Earlier this year, Servicios de la Raza, which owned the building, sold it to developer Paul Tamburello and business partner Jack Pottle, who are planning to restore the turn-of-the-century structure to its original state, a process that meant removing the mural, which had been partially painted onto a 1970s-era addition to the building.
That addition was completed while the building was occupied by Servicios. Funded by a 1970s-era grant from the Nixon Administration, Servicios began as a Chicano-focused mental-health agency and has since added other programs, such as emergency services, youth programs, domestic-violence resources and more to assist underserved, GLBTQ and immigrant populations in Denver. This week, the organization will move to a more central location in order to better serve those groups.
But Servicios executive director Rudy Gonzales says this isn't a simple case of an overzealous developer discarding a neighborhood's past in order to make way for a new and very different demographic. After looking long and hard at other offers, he believes that Tamburello and Pottle will work hard to retain the neighborhood's spirit.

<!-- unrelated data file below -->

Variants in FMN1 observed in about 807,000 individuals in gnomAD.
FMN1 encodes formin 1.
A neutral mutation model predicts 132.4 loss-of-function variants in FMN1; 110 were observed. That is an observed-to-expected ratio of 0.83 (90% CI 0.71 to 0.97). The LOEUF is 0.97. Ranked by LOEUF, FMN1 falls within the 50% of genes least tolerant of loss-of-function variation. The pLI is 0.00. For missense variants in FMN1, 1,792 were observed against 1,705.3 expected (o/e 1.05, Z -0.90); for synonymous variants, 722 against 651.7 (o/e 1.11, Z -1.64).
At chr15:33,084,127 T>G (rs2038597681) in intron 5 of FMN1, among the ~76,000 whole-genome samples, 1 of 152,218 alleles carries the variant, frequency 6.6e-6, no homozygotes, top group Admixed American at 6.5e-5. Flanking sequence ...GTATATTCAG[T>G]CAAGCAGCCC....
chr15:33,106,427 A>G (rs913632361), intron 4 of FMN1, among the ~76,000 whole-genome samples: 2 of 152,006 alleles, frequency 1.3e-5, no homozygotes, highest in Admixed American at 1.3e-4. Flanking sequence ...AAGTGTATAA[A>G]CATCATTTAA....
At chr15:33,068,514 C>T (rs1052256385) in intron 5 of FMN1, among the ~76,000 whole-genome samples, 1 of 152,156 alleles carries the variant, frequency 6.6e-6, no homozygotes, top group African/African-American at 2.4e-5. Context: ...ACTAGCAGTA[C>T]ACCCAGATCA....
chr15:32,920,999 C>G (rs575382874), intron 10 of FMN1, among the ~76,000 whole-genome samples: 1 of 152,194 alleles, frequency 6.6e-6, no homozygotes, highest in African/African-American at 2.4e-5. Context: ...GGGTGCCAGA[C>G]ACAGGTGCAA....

"We sat down with Paul and Jack and [City Councilwoman] Judy Montero and some of our clients who are community members in the neighborhood to talk about the building being sold," says Gonzales. "Judy and I were concerned about the murals -- but the thing that Jack and Paul did was take the time to really listen to us."